As we have learned, the concepts of potentiality and actuality are abstracted concepts, and aside from the sources from which they are abstracted, they have no other entified instances. Hence, the relation between the potential and the actual is really a relation between two existents which are the sources of the abstraction of these concepts. In other words, what should be considered is the relation between the potential and actual existents.
This relation occurs in one of two forms: first, when a potential existent remains completely within the actual existent, and in this case, the actual existent will be more perfect than the potential one, as the plant is more perfect than the soil of which it is brought into existence; second, when only a part of a potential existent remains within the actual existent, in which case it is possible that the destroyed part is replaced by another part which regarding its level of existence is equal to, less perfect than, or more perfect than the previous one, and as a result, in some changes, the actual existent will be less perfect, or equal to the potential existent.
To be more precise, a potential existent is really the same part that remains, and therefore, the actual existent is always more perfect than or equal to the part that is really the potential existent. Some have imagined that the potential existent is always less perfect than the actual existent, because the potential aspect is an aspect of lacking or absence while the aspect of actuality is the aspect of possession and presence.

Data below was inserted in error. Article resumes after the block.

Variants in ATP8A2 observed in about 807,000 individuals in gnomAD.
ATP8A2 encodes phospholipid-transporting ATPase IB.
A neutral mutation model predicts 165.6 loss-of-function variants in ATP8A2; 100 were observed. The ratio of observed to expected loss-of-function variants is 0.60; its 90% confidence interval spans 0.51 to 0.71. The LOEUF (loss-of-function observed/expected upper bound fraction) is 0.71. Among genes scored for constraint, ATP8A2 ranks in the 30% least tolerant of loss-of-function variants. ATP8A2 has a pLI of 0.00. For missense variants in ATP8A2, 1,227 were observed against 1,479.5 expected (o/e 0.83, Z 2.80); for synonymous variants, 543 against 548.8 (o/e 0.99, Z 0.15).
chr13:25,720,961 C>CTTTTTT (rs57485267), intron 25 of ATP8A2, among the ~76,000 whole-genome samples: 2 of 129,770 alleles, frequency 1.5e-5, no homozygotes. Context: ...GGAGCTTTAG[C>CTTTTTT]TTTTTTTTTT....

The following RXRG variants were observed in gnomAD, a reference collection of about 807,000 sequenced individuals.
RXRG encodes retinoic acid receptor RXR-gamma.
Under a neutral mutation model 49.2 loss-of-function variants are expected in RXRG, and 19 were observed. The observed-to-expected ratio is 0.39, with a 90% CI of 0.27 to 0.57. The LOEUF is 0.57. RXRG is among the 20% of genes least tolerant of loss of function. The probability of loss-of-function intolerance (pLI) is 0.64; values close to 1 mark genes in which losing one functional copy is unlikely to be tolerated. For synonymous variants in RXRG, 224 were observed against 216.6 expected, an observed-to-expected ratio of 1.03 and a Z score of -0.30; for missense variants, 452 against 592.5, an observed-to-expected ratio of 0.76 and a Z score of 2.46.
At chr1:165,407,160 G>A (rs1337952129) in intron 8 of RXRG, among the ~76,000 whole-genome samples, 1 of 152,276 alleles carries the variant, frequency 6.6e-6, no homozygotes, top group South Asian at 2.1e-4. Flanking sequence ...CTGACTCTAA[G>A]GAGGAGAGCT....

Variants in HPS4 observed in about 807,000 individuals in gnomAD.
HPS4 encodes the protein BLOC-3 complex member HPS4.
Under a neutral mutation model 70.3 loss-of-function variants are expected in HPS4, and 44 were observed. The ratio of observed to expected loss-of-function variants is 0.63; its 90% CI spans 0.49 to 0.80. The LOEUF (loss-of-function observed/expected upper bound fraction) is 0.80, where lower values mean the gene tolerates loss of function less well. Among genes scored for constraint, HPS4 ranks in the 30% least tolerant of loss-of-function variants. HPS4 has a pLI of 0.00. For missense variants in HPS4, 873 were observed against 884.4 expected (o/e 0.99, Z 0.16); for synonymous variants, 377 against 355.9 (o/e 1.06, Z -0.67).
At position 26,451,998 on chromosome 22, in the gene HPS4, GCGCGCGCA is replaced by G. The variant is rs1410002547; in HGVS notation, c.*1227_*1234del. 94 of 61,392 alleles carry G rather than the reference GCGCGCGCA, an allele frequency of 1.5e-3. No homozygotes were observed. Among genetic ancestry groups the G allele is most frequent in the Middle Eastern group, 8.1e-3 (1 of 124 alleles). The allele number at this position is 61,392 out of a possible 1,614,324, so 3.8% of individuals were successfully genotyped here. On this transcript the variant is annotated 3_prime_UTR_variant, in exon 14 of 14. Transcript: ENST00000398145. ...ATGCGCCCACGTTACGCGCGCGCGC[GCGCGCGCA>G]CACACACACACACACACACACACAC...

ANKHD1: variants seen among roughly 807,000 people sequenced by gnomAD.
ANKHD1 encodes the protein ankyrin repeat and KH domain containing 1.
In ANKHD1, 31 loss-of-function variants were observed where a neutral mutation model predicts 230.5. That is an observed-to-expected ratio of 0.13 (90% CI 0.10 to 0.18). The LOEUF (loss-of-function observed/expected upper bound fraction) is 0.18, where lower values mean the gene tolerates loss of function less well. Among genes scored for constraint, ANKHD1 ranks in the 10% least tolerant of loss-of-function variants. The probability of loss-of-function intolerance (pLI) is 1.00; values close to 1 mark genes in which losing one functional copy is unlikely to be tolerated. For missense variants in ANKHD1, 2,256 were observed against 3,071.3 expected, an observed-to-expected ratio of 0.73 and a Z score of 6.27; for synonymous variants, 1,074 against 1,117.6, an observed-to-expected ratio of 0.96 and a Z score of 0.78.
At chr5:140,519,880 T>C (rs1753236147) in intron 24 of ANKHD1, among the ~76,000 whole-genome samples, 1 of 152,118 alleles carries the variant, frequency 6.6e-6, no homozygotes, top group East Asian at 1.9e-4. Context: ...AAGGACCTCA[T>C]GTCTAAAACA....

When a potential existent is transformed into an actual existent it comes to possess something existent which it previously lacked. On this basis they have denied equivalent and declining motions. On the other hand, the return from actuality to potentiality has been considered impossible, because return is a kind of change, and all change is a transformation of earlier potential into later actuality, but not the reverse.
From this it has been concluded that if a spirit obtains all its perfections so that it is not potential with respect to any further perfection, it will leave the body, and in other words, natural death will occur, and the spirit will never return to the body, for the return of such a spirit to the body would be a return from actuality to potentiality.